The man went to see the elder in a time of plenty. A time of food, wealth, life. A time that no longer needed him.
She lived in the desert, under that arid sun where the snakes lurched out from under the rocks. He was surprised at having to come so far at his age. No, he was a respected tradesman. A war veteran. An old man who shouldn’t need to respond to the call of an even older woman that lived in an even more isolated state than he did.
But Weq, for that was his name, came anyway. This was the elder. You came when the elder called you.
Still the soldier found himself hesitating before the sight of his summoner’s cracked adobe hut. The crumbling walls stood sentry over the small crop of milk weed that made the woman’s buisiness. Yet Weq’s dimming eyes were drawn towards a worm, squirming on the floor. Under that invasive, unrelenting light. Convulsing in the dirt - the wretched thing. The old man felt an unusual amount of sympathy for the fellow beast.
In the end, he did not need to open the panel door made from some foreign wood. It swung outwards as if by itself, revealing the age-stooped figure behind. The elder.
She grinned too widely.
“Glad you could make it.”
Weq decided that he did not want to move any closer. Not yet. He hailed her from a distance as if sizing up a dangerous animal. “You summoned me here, elder. What is it?”
Somehow the hag grinned wider.
“Don’t you fancy talking a little first? Some wise sounding chat always seems to go down well with the townsfolk.”
Weq looked to the sky. Away from that woman’s questioning glare and the worm’s death throws. “Time is running short. I am old,” he began, still keeping his eyes fixed firmly upwards. He continued with a bout of his old flair, “Let me alone or let me listen to what you called me here to say.”
The elder sighed, unconvincingly. It was about this point that she realised her fire had gone out. “You had better come inside,” she told Weq, now almost grudgingly as if it had been the veteran who had requested to brave the world to meet this mystic.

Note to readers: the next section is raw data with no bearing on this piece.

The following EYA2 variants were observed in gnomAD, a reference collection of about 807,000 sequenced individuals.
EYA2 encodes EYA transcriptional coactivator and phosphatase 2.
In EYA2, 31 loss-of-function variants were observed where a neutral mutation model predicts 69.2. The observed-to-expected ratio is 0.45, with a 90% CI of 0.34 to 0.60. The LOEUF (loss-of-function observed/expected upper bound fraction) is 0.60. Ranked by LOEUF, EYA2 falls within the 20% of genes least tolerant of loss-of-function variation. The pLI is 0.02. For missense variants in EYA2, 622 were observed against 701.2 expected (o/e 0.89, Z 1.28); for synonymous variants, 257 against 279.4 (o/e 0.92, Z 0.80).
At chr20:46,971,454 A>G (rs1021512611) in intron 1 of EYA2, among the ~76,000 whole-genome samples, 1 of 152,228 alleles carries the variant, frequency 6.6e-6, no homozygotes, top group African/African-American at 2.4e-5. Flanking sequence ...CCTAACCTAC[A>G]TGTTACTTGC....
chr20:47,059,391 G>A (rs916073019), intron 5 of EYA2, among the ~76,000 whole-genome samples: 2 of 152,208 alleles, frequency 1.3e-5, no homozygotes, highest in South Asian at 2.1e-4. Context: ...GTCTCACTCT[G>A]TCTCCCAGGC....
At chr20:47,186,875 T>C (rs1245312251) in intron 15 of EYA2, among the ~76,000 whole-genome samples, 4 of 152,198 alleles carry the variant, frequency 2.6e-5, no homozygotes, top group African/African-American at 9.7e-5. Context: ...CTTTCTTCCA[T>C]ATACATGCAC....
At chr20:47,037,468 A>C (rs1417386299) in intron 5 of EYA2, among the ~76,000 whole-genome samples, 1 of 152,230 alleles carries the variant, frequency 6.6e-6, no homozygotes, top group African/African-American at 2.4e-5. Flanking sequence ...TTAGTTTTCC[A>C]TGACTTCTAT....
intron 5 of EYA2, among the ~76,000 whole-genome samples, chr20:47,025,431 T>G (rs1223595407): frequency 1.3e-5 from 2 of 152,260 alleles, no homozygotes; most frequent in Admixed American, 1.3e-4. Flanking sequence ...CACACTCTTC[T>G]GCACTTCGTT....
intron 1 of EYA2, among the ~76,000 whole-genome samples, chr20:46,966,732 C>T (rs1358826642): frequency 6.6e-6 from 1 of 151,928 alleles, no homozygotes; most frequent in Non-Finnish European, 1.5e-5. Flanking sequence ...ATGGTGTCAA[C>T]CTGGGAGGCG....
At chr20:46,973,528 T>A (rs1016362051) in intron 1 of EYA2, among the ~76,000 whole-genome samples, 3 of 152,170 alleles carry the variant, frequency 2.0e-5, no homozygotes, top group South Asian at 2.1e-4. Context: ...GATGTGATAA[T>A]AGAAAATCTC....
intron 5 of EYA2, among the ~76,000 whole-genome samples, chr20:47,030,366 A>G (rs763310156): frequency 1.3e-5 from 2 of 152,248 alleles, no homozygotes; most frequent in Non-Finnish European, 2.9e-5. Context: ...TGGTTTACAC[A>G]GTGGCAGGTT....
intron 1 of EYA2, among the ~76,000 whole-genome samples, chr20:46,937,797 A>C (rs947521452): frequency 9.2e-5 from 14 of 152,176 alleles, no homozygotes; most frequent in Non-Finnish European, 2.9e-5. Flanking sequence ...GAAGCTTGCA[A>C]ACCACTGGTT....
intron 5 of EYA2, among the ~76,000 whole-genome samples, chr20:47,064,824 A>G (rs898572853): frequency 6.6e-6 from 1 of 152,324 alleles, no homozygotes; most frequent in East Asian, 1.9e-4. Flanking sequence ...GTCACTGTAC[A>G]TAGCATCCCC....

Inside the hut was worse than under the desert sun. The walls insulated the heat surprisingly well, succeeding in scorching anyone who was foolish enough to enter. Weq fought not to wince after noticing the elder’s apparent unawareness of the crippling heat. “That brings me on to my main point of interest,” the woman continued, rolling her words to see, presumably, how they felt to say to a real person. “You are getting old and need an apprentice.”
The old man was already shaking his head out of habit.
“I’ve told the townies about this… Not unless it is from my line and all my older siblings died young. I am the last.”
The elder gave him another of those questioning stares that made his skin churn like the worm outside. “I just prefer teaching family,” Weq defended himself with a well-versed voice, “stop asking about it.”
“But you are Weq Kentanan” the old woman pressed regardless, “you’ve been a soldier for over a dozen confirmed lifetimes, for a dozen different sides.”
The old man shrugged. “I can fight. So what?”
“So pass on the tradition. Defend the village, forge the strength of ages, you know what I mean.”
Weq shook his head again. And again; as if trying to convince himself of his conviction to be the last of the trade in those ancient valleys. The wrinkled elder looked him up and down, thinking carefully.
“What if,” she began slowly. Weq looked up, “I told you that there was an apprentice I found for you. She was going to be a huntress but would come round to the change.”
The silence persisted. Hovering over them like some hopeful vulture looking for an excuse to come down. Weq waited.
She is my daughter," the elder tried, “if that makes a difference to you.”
As good an excuse as any.
“All right,” Weq stood up, shaking the old woman’s hand with what he hoped was a show of reluctance, “Where is -”
“She’s waiting at your lodge.”
The elder smiled at his annoyed look. That had happened more quickly than he would have liked.
“And I hope you have as much fun teaching the girl as I did raising her,” she continued gleefully as the veteran was getting up to try and leave soundlessly.
Weq hesitated, again, for a moment at the door; before nodding his head to the woman in cautious farewell and stepping out into the sweltering cool of the desert.
It’s been only a few years since this all happened. The beginning of a long establishment, I hope, but well… I’m getting old. Time is flowing away. So with my last fleeting moments I write this story for those who come after. For you, I suppose. Did you guess it? Your’s sincerely, but not too sincerely:
- Yenud Kentanan; The Elder.